Hinge Cutting Trees : Creating Edge Cover
One of the simplest ways to create edge habitat is to cut the mature trees where forest meets field. Doing so allows sunlight to reach the ground, which encourages an entirely new plant community. Native shrubs, vines and woody plants will spring up to create fantastic edge habitat. You don’t even have to remove the fallen trees; in fact, with “hinge cutting trees” that’s the whole idea. You leave the top connected to the roots so it continues to grow. It creates new cover that will eventually turn into dense brush piles.
Thinning or hinging trees along the edge of a timber tract or along roads or fields can also create transition zones between different habitat types. Deer and other wildlife love these areas because they often provide a diversity of high quality foods.
Trees more than 12 to 15 feet high that are along the field can be dropped if they don’t hold food, timber or stand site value. You can pile them up, or hinge cut them if they are the right diameter (not too small or large). If you want to ensure a stump kill I would suggest spraying, with an approved herbicide to prolong the benefits. The overall objective of edge feathering is to remove the canopy cover and have sunlight reach the bare soil. This will initiate the growth of the shrubby cover, forbs and woody browse. While it may look like a mess, it provides immediate habitat and browse.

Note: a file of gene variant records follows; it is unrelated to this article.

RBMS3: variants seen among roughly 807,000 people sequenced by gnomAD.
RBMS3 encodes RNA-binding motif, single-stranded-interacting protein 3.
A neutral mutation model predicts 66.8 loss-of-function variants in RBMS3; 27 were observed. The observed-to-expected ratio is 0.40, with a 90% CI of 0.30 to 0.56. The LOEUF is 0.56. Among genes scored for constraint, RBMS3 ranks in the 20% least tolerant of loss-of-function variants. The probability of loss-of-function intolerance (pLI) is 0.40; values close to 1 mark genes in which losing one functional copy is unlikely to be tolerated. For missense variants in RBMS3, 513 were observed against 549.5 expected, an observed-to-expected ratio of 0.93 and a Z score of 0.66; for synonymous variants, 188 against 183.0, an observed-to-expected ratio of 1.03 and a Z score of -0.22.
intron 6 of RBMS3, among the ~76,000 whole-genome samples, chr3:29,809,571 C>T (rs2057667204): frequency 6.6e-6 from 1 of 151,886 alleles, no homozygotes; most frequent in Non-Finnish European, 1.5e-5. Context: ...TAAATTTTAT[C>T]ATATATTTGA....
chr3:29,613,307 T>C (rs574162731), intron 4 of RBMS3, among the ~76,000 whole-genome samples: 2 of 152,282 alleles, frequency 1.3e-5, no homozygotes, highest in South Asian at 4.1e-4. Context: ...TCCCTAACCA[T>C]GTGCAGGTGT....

Most people who install edge feathering choose to do so with a chainsaw. Remember to wear proper safety gear such as a gloves, ear protection and eye protection. Keep your sharpener, oil and gas handy as you will need them on larger projects. Hinge-cutting is all the rage these days and it definitely has some merit. I have just a very few species of mature trees so most of my hinge cut options are elm, hackberry and ash. I like to hinge about 2 feet off the ground and keep as much of the base intact as possible, bending, pushing or pulling the top down. Try to do several in one spot to create a cluster with many falling together. This provides lots of great browse as well as low cover to block wind, and create thermal cover and bedding areas.
Photo: Brent Hussey/HuntCo.
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